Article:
While Congress overwhelmingly enacted legislation in 2018 to curtail opioids, fentanyl, and other illegal contraband from entering the United States via the international postal system, U.S. Customs and Border Protection (CBP) has dropped the ball on enforcement. This has public health and national security ramifications that Congress should investigate and fix.
In a thoroughly documented, scathing September 25 report from the Department of Homeland Security’s Office of Inspector General (DHS OIG), CBP is admonished for not meeting the requirements of the Synthetics Trafficking and Overdose Prevention Act of 2018 (STOP Act).
The STOP Act’s hallmark requirement was simple and reasonable: to require electronic tracking on all postal packages entering the United States from foreign posts. When this is done, suspicious packages are much more likely to be identified and seized before delivery.
Advanced electronic data (AED) tracking is a well-established technology. It has been widely used since 2002, when private shippers of international goods were required to have it on all shipments. Under the STOP Act, the U.S. Postal Service (USPS) is to obtain shipping information from the foreign postal service and then share it with CBP.
Some of the shortcomings that DHS OIG found are deeply disturbing.
Under the STOP Act, all packages entering the United States by January 1, 2021, were to have advanced electronic data tracking data. Yet, despite countries having nearly two and a half years to implement the program, CBP issued waivers for 148 countries in 2021 and 128 countries in 2022. This included waivers “to three countries that fell within the top 15 countries for mail seizures during Fiscal Year 2020.”
There were also serious issues with countries that sent AED. For example, the report found, “CBP’s dashboard showed Great Britain increasingly sent invalid data from FY 2019 through FY 2021, reaching a peak of 83 percent invalid data in September 2021.”
The actual number of packages inspected was quite low at some of CBP’s nine international mail facilities (IMFs). For example, “CBP officers at the Honolulu IMF placed holds on 2 of 15,167 packages with AED (or .01 percent) in FY 2021.” That’s better than two facilities that placed zero—yes, zero—packages on hold for three years.
CBP was also taken to task for accepting information from USPS and not holding it to higher standards. For example, the report found, “USPS did not update the port code to show where a package would arrive for 11 percent of all shipments with AED from FY 2019 through FY 2021. This equates to approximately 75 million of 671 million shipments with AED.”
Despite all these massive blunders, though, CBP made 185,792 drug seizures from fiscal years 2018 to 2022 at its international mail facilities. Had the CBP been rigorous with STOP Act enforcement, it would have seized far larger quantities of illegal narcotics and saved many more lives.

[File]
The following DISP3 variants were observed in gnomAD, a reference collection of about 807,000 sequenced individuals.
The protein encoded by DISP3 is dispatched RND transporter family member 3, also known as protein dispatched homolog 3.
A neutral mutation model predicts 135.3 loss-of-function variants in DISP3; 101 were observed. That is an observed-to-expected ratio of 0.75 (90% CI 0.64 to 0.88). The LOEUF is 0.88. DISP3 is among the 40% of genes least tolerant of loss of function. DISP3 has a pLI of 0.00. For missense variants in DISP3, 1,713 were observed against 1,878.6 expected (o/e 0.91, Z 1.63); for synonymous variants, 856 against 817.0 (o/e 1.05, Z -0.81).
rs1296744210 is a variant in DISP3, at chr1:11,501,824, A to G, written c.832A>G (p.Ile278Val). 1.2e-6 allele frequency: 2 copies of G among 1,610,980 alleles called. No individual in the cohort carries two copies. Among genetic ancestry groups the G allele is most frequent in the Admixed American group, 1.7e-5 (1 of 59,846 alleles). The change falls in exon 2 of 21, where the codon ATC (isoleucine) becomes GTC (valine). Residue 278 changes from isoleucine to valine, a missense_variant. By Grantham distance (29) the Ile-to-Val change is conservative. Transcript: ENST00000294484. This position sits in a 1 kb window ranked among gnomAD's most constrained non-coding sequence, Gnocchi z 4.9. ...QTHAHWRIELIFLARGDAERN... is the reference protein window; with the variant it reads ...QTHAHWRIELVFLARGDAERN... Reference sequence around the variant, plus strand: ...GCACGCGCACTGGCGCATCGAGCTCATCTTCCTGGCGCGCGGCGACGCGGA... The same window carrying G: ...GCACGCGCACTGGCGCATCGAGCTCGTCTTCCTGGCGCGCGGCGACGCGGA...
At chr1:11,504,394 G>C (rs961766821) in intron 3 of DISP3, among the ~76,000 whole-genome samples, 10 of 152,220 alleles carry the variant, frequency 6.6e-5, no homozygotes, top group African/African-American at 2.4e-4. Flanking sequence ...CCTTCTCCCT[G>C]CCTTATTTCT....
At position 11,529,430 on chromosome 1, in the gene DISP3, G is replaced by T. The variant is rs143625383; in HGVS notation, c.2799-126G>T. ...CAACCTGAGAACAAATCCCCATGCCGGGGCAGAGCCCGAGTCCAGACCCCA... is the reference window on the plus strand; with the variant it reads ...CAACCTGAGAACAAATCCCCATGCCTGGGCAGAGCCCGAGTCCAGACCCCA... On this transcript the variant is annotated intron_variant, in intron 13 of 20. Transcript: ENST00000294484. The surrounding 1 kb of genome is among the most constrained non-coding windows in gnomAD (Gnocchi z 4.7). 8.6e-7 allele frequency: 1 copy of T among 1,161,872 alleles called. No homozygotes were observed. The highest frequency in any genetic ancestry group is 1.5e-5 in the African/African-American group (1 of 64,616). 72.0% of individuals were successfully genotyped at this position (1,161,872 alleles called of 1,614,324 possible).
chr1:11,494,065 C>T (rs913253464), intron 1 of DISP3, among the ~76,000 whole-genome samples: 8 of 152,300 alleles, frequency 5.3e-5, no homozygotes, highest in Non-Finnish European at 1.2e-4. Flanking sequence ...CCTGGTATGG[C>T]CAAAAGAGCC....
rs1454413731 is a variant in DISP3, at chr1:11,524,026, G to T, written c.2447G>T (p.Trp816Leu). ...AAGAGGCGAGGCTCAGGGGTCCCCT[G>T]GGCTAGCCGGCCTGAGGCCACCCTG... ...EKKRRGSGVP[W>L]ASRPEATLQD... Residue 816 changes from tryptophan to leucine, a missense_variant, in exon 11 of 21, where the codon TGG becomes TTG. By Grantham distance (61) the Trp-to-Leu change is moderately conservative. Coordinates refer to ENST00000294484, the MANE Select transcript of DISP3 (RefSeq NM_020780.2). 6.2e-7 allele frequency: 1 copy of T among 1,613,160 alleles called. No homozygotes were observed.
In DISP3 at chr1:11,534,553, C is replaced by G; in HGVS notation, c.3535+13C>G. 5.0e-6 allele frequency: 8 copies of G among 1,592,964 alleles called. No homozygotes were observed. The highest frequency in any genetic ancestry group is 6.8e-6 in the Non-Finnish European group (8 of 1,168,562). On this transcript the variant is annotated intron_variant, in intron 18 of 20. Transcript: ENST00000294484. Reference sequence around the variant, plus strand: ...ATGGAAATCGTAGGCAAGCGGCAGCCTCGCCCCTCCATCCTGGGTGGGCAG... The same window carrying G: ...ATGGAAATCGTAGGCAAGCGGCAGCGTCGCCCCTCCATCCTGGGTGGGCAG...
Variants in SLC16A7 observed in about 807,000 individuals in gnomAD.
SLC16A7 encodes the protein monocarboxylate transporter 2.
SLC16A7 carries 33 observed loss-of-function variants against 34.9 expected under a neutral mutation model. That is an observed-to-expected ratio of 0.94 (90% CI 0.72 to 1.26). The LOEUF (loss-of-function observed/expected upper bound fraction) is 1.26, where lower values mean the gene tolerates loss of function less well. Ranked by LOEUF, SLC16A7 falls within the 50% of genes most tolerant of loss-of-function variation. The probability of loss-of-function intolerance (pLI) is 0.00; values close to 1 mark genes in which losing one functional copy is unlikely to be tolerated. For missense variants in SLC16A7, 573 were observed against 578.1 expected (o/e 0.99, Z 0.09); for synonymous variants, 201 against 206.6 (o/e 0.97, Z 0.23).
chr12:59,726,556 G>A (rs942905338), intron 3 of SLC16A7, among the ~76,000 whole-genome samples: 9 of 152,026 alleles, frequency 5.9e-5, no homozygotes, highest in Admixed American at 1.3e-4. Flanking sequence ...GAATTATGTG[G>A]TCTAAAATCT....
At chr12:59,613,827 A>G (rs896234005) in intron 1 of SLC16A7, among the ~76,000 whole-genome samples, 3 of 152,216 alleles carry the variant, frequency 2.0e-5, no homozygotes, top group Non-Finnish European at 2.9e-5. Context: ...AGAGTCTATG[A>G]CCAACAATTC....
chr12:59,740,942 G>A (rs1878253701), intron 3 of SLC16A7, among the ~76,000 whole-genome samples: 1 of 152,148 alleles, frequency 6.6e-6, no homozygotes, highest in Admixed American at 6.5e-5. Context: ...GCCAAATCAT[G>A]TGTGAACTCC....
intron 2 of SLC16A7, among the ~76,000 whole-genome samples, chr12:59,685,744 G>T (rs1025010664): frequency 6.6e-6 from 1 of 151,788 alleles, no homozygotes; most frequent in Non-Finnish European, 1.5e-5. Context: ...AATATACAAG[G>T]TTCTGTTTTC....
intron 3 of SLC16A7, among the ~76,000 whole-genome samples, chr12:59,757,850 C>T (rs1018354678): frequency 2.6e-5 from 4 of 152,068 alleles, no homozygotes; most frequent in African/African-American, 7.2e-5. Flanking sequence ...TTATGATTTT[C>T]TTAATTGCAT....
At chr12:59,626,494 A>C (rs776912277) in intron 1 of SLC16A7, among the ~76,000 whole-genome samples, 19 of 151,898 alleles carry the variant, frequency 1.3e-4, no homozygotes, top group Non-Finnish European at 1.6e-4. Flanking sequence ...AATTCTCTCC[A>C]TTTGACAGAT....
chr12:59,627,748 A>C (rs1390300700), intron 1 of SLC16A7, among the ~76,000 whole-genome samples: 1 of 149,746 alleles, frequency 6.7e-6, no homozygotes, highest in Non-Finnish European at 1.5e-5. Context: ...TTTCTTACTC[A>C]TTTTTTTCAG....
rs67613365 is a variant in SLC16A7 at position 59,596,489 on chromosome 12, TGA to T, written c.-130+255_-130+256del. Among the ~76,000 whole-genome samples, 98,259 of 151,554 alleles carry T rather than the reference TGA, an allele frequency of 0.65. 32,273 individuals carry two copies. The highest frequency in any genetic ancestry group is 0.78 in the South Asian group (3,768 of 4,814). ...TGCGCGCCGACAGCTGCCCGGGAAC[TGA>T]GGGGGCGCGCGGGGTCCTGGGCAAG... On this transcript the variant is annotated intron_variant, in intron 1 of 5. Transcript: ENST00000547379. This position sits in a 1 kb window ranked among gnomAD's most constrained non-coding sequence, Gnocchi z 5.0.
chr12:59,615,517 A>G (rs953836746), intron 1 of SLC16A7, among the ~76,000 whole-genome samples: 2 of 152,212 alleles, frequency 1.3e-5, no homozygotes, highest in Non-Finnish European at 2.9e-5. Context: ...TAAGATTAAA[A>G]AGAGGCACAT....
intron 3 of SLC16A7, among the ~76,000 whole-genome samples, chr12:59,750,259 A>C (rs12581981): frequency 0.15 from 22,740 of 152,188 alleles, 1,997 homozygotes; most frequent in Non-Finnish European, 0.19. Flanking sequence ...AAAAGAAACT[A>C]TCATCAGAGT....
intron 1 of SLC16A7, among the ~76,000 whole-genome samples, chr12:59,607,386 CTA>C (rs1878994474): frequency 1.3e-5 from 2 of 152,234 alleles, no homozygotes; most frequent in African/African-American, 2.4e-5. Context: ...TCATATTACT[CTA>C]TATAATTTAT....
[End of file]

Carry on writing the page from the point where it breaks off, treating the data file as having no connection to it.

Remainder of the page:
One driver for CBP’s negligent enforcement seems to be complacency arising from a shift in how opioids and fentanyl are sent to the United States. In 2018, opioids were predominantly entering the country by mail from China. Now, most fentanyl production has moved to Mexico, based in part on an agreement that President Trump struck in 2019 with the Chinese government to curtail production there.
However, the exact quantity of drugs pouring in directly or indirectly from China is hard to determine because of the lax CBP enforcement. Opioids continue to flood into America. In 2022, 82,998 Americans died from opioid overdoses, a more than 70 percent increase from 2018, when the STOP Act was enacted.
Fortunately, there is movement in Congress to remove even the perception of vagaries in the STOP Act. Senator Rick Scott (R-FL) has written to CBP demanding better enforcement of the STOP Act. Senators Amy Klobuchar (D-MN) and Shelley Moore Capito (R-WV) have introduced legislation to strengthen the original STOP Act. Congressmen David Kustoff (R-TN) and Mike Ezell (R-MS) have also introduced supporting legislation in the House of Representatives.
Simply put, packages without AED should not be delivered, which is the law. Congress should demand to know from CBP why this was allowed and ensure it no longer happens. Otherwise, drug dealers will continue to use the international postal system to ship drugs and to expand their use of the international mail system, particularly if border crossing cutdowns start to curtail U.S. supply in a meaningful way.
To paraphrase a common football adage, drug cartels and other international drug criminals take what law enforcement gives them. It is time for a lights-out defense from U.S. law enforcement. Full enforcement of the STOP Act combined with even stronger provisions is an essential step to take.